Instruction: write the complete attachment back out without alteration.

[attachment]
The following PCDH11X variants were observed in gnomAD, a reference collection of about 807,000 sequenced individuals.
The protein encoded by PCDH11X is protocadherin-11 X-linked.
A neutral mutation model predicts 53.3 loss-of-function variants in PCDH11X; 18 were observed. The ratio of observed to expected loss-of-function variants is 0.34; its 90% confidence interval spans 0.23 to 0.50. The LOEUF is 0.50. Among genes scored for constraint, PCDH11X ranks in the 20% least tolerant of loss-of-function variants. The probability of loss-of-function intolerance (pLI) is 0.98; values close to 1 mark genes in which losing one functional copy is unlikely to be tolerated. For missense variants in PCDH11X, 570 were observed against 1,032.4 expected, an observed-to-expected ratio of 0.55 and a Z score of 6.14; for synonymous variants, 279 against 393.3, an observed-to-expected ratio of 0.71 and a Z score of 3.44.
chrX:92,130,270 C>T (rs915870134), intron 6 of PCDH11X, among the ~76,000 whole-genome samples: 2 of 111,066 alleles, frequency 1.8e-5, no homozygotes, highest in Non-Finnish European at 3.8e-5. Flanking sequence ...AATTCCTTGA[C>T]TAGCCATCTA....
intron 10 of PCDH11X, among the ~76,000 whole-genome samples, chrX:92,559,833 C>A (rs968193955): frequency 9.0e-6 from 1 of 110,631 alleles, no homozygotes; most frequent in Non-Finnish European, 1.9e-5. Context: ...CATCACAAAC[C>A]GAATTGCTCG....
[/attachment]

The following PCDH11X variants were observed in gnomAD, a reference collection of about 807,000 sequenced individuals.
The protein encoded by PCDH11X is protocadherin-11 X-linked.
A neutral mutation model predicts 53.3 loss-of-function variants in PCDH11X; 18 were observed. The ratio of observed to expected loss-of-function variants is 0.34; its 90% confidence interval spans 0.23 to 0.50. The LOEUF is 0.50. Among genes scored for constraint, PCDH11X ranks in the 20% least tolerant of loss-of-function variants. The probability of loss-of-function intolerance (pLI) is 0.98; values close to 1 mark genes in which losing one functional copy is unlikely to be tolerated. For missense variants in PCDH11X, 570 were observed against 1,032.4 expected, an observed-to-expected ratio of 0.55 and a Z score of 6.14; for synonymous variants, 279 against 393.3, an observed-to-expected ratio of 0.71 and a Z score of 3.44.
chrX:92,130,270 C>T (rs915870134), intron 6 of PCDH11X, among the ~76,000 whole-genome samples: 2 of 111,066 alleles, frequency 1.8e-5, no homozygotes, highest in Non-Finnish European at 3.8e-5. Flanking sequence ...AATTCCTTGA[C>T]TAGCCATCTA....
intron 10 of PCDH11X, among the ~76,000 whole-genome samples, chrX:92,559,833 C>A (rs968193955): frequency 9.0e-6 from 1 of 110,631 alleles, no homozygotes; most frequent in Non-Finnish European, 1.9e-5. Context: ...CATCACAAAC[C>A]GAATTGCTCG....